New chief executive appointed at Queen Elizabeth Hospital, King’s Lynn

Dorothy Hosein, appointed as chief executive at Lynn's Queen Elizabeth Hospital

Dorothy Hosein, appointed as chief executive at Lynn's Queen Elizabeth Hospital

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A new appointment has been made to the top job at Lynn’s Queen Elizabeth Hospital (QEH).

Dorothy Hosein takes the role of chief executive after three months as chief operating officer, during which time she has overseen improvements to emergency care. Before that she was chief operating officer at Barking, Havering and Redbridge University Hospital.

Mrs Hosein said: “Having spent the last three months as interim chief operating officer, I am delighted to be able to take on the permanent role of CEO at The Queen Elizabeth Hospital.

“I am very much looking forward to working closely with our commissioning partners, staff and partners to ensure the hospital continues to provide high quality, safe and compassionate care and that we continue to implement improvements where required ensuring the best possible experience for our patients.”

Mrs Hosein takes over from Dr Manjit Obhrai – the interim chief executive brought in when a Care Quality Commission (CQC) inspection raised concerns. In September, the CQC recommended the hospital stay in special measures for a further six months with some services rated good while other still required improvement.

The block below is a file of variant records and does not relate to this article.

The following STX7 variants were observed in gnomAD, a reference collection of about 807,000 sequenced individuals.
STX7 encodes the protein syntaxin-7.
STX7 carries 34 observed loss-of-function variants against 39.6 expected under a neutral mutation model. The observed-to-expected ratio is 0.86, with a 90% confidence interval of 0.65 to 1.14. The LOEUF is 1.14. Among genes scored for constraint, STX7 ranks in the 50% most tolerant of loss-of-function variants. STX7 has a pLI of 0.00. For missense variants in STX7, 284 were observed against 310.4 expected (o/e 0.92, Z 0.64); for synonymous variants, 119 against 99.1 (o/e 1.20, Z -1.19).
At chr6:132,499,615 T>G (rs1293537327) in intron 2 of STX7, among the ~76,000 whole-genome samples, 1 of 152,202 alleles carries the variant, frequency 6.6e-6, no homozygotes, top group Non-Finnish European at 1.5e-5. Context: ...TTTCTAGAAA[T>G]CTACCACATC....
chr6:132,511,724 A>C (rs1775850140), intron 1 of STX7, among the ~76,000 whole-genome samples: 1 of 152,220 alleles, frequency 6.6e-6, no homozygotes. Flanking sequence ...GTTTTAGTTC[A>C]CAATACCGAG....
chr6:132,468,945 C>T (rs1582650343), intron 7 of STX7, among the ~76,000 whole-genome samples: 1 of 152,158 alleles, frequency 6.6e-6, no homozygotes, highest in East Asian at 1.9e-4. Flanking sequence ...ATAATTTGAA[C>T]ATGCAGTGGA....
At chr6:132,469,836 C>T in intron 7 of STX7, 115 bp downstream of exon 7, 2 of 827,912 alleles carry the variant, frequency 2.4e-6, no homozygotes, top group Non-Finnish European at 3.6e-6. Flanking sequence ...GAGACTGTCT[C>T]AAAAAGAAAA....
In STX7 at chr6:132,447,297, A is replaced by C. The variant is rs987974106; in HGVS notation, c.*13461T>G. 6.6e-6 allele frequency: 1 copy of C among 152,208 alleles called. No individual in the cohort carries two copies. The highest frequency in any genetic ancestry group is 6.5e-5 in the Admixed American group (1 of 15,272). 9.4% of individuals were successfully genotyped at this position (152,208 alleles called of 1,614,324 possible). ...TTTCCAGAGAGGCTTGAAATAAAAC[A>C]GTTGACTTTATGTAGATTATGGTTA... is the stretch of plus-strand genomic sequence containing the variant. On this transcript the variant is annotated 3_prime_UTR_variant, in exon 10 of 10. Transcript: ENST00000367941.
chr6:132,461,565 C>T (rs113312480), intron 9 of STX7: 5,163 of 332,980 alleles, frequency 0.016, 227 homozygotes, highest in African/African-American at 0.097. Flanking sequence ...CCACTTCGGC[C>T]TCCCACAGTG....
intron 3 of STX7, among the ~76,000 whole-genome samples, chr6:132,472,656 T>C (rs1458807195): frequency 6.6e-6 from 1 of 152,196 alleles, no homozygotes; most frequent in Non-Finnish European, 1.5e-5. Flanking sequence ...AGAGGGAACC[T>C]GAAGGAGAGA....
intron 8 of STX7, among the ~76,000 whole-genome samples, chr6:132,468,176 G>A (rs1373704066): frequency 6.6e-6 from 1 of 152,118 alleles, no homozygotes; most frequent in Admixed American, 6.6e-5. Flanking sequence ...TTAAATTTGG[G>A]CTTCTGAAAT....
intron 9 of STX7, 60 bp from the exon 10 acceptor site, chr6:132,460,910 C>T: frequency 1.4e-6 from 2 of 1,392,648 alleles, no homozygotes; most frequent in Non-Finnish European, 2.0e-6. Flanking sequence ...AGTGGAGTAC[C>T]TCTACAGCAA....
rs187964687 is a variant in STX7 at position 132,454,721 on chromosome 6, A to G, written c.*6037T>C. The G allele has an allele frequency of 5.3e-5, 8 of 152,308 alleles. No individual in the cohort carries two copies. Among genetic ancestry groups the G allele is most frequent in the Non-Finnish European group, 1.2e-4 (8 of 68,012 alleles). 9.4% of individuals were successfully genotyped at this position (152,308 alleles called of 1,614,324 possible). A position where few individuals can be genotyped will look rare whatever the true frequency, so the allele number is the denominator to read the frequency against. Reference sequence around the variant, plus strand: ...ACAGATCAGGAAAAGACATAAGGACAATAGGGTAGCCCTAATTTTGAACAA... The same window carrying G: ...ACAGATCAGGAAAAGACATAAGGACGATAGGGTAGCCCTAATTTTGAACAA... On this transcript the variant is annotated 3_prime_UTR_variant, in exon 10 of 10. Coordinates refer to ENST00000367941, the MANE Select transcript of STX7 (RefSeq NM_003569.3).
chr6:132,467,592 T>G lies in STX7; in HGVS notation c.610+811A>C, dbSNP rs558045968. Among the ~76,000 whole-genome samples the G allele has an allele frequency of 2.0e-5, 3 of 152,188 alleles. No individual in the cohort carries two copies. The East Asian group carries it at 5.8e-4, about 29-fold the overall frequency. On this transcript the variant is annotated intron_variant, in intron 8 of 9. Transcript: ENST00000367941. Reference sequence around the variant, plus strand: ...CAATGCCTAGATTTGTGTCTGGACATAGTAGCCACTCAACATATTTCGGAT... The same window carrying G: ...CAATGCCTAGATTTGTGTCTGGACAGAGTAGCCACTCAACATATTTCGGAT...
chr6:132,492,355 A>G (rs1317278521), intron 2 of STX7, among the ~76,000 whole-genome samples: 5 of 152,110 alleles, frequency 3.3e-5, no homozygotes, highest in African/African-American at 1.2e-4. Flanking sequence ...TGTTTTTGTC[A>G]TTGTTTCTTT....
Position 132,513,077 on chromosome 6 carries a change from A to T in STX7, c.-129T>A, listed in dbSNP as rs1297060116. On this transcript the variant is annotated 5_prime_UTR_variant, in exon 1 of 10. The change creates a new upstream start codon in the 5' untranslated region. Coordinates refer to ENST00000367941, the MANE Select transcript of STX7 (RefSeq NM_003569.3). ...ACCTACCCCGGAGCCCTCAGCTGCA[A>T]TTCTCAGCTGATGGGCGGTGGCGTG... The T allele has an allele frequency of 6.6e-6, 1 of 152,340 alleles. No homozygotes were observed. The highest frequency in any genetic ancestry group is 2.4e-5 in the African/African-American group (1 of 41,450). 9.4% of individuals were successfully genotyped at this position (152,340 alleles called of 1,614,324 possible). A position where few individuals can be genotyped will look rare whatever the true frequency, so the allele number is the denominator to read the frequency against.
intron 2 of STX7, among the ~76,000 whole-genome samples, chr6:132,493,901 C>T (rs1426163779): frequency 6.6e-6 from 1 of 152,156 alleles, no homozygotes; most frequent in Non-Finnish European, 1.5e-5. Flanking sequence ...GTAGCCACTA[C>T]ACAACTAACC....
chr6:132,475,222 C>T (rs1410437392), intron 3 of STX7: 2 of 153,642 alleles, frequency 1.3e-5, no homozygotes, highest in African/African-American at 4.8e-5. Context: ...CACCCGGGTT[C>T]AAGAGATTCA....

Edward Libbey, chairman of the QEH foundation trust, said: “We know that we have further improvements to make at the hospital to continue to enhance the quality of care we provide for residents of West Norfolk, therefore the trust is delighted that Dorothy Hosein will be leading us through this next phase of that journey.

“Dorothy’s strong background in transforming services for the benefit of patients will be invaluable as we look to shape out services around the needs of our local community.”

* There were picket lines outside the hospital on Monday as staff stage a four-hour walk-out over pay, which will be followed by a work-to-rule.

Unions say 60 per cent of NHS staff and 70 per cent of nurses won’t get a pay rise for the next two years.

Darren Barber, the joint staff-side Consultative Committee (JSCC) Chairman, said: “JSCC have been working with the trust before this action takes place to ensure a safe service for all patients is still delivered, staffing will be maintained at safe levels”